The helmeted sergeant scanned the sea in the dawn light through binoculars from atop a sand cliff on Israel's Mediterranean coast.
''Scandal to weatherman,'' he said into the radio in the back of his machine-gun mounted jeep. ''No boat. Just some driftwood. Someone's having nightmares again.''
Sgt. Abraham Levinson, a 46-year-old kibbutz member doing his annual reserve duty, was checking out a reported sighting of a possible terrorist craft last month. Although he had never been on coastal patrol before, he has been taking one month out per year for the reserves ever since he completed his compulsory military service 25 years ago. Ahead of him is another decade of service.
''You get used to it,'' he says back at the base. ''It's only the first day that throws me every time--getting out of your civilian clothes and wondering what you're going to be doing. Then you just roll with it.''
Virtually every Israeli male up to the age of 55 abandons his normal pursuits every year to don a uniform--the last five years in the civil guard. Despite the psychological wrench and inconvenience involved, despite the often tough physical conditions, and despite Israelis' outspoken nature, there is remarkably little griping about the annual call-up.
Although this sense of national responsibility underlies the average Israeli's readiness to do miluim, as reserve duty is called, there are social and psychological aspects that make it tolerable--and in some ways even welcome.
''Let's face it, this is an escape,'' said a clerk in a barracks discussion. ''No boss, no wife, no kids. For a few weeks I can stop thinking and stop worrying. It's a mental vacation I don't get when I go away with the family.''
Another element is a barracks-room camaraderie that the outside world does not normally offer mature men caught up in the grind of daily life. Men who have served in the same unit for years greet each other raucously each time the unit assembles and catch up on one another's private lives. There is no place in Israel where humor is more prolific than a reservists' barracks.
There is also a macho element that reservists are loath to admit to. Charging up a hill in a live fire exercise, manning a border outpost at night or swinging a tank into formation keeps an architect or merchant in touch with a part of himself he had almost forgotten.
The lack of spit and polish, and easy discipline make miluim easier to take. Officers and enlisted men call each other by first name, but orders, even if given in conversational tone, have the same force as in more conventional armies.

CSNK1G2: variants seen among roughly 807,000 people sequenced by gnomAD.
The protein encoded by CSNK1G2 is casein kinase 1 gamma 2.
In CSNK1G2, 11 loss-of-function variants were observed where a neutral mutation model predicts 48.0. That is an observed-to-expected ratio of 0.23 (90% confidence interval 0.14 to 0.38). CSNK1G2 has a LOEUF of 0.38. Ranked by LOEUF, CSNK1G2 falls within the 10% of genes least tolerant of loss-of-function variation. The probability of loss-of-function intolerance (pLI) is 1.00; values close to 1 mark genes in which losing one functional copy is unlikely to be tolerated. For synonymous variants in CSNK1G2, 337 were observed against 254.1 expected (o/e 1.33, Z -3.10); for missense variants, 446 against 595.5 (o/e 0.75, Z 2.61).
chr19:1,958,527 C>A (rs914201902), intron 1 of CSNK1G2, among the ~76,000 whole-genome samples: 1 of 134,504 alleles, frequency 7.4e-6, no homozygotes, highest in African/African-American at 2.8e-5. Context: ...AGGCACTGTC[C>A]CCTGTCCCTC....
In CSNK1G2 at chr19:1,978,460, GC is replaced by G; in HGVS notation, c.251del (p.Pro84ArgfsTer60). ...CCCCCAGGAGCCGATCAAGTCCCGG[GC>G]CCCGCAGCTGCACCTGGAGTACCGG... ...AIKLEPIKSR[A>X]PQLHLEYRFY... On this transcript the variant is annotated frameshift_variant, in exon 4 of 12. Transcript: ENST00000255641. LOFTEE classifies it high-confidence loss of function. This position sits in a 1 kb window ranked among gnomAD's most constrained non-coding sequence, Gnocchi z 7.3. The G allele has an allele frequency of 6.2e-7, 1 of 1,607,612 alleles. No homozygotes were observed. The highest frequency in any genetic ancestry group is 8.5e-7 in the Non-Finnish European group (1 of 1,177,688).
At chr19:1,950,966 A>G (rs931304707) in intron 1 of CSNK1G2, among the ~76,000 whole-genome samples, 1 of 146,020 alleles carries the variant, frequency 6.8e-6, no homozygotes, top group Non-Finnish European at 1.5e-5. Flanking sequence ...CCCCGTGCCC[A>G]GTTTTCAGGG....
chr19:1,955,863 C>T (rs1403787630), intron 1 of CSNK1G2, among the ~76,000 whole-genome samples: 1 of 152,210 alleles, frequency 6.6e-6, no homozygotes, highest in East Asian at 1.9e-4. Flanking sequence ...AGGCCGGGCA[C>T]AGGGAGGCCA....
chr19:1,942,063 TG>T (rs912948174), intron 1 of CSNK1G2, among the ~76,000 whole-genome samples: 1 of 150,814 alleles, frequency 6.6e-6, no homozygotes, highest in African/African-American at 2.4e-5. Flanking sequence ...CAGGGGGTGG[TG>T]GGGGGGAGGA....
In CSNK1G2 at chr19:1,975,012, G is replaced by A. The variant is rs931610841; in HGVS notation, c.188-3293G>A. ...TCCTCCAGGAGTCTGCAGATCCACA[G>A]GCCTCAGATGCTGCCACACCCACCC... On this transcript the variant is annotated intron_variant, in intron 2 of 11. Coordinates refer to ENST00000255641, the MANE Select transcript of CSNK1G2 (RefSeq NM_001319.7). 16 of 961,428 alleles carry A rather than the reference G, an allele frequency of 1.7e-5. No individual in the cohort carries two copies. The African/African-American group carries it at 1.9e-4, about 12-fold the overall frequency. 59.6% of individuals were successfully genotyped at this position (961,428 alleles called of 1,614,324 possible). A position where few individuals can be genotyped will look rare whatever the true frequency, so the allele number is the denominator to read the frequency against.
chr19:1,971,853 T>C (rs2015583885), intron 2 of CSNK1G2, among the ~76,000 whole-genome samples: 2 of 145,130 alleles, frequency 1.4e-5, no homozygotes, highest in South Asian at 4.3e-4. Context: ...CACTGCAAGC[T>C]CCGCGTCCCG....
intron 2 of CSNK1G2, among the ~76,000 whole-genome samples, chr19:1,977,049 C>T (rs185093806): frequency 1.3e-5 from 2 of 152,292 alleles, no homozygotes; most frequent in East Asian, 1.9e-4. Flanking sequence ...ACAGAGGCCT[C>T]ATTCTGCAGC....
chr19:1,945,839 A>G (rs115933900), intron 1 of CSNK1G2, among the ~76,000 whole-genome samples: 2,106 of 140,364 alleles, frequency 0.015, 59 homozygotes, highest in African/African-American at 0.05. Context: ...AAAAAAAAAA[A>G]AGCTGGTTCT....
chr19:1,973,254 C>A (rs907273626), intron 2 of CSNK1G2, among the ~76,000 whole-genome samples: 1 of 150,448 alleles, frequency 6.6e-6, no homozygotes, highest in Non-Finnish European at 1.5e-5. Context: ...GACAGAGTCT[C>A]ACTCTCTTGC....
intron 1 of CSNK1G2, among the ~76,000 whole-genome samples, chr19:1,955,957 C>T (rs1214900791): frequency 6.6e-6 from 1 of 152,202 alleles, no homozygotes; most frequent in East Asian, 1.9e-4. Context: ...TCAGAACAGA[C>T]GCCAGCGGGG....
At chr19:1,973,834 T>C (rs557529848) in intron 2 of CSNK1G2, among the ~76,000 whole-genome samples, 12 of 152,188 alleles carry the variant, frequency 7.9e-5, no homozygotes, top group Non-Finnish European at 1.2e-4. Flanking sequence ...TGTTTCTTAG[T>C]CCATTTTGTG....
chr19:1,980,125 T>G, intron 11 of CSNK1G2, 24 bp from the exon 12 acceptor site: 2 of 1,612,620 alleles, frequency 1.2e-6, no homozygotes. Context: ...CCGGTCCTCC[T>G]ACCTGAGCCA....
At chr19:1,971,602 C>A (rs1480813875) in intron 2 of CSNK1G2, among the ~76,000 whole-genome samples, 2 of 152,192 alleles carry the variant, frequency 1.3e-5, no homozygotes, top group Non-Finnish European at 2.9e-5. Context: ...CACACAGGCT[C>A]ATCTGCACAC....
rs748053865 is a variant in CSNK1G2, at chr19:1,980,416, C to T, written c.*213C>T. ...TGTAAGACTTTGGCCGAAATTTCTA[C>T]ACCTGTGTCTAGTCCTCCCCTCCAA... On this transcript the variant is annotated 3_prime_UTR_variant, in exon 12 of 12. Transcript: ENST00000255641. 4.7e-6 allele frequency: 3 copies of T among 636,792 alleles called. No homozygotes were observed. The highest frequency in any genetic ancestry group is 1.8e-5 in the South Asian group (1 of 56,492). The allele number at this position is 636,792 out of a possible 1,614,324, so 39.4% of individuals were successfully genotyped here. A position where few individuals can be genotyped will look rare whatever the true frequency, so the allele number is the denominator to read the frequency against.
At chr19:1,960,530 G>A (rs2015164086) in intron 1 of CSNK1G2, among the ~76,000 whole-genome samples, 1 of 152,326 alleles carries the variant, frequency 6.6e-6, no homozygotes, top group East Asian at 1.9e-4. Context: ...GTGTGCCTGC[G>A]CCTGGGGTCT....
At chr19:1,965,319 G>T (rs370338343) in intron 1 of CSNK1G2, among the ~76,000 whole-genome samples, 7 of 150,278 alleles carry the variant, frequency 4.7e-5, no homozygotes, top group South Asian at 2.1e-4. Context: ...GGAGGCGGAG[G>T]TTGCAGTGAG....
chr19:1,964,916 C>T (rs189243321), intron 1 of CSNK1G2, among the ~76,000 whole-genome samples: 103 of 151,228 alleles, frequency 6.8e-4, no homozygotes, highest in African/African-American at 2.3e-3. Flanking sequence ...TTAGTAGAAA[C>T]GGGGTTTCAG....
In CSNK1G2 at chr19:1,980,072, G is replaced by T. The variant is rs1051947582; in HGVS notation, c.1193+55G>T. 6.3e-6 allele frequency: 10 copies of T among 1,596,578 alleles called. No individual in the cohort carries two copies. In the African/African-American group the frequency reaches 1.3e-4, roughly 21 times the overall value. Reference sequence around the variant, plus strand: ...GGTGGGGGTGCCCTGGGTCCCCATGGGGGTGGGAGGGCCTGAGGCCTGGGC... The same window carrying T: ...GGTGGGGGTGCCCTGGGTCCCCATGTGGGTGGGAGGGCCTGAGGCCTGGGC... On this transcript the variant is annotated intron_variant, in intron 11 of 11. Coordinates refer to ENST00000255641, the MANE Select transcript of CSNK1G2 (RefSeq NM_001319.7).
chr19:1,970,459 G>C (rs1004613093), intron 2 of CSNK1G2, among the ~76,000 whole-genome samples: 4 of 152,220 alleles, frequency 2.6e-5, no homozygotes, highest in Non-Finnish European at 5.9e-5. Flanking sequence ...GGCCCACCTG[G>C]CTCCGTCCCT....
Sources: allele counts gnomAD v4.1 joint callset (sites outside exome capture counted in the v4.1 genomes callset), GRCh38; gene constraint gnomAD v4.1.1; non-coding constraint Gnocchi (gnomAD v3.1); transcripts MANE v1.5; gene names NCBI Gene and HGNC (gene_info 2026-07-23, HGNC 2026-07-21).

For all its un-Prussian nature, the reserve force is Israel's main battle arm. According to the International Institute for Strategic Studies in London, Israel's standing Army consists of some 160,000 men with 400,000 reservists capable of being mobilized into units in 24 hours.
Although mobilization orders are normally delivered by mail or courier, code words designating various units are broadcast in times of emergency, the men heading for prefixed assembly points.
An important social byproduct of reserve duty is the counterbalance it provides to the often sharp ethnic differences in civilian life between Ashkenazi Jews from Western countries and Sephardic Jews from Arab countries. Sharing a long night of sentry duty or solemn preparations for an attack exercise strengthens the sense of common destiny in a way that civilian life rarely affords.
The egalitarian nature of miluim also reduces the impact of status differences with factory owners and laborers, farmers and stockbrokers, middle-aged and young serving alongside each other. Women, who are drafted into the Army, normally serve only one stint of reserve duty after discharge, leaving them free to raise a family.
The brown envelope containing the annual invitation to miluim is inevitably greeted with a wince by the reservist. When he returns home, however, glad to have it all behind him, his harried wife who has been running the house and tending the kids in his absence not infrequently sighs that she could do now with a month's miluim herself.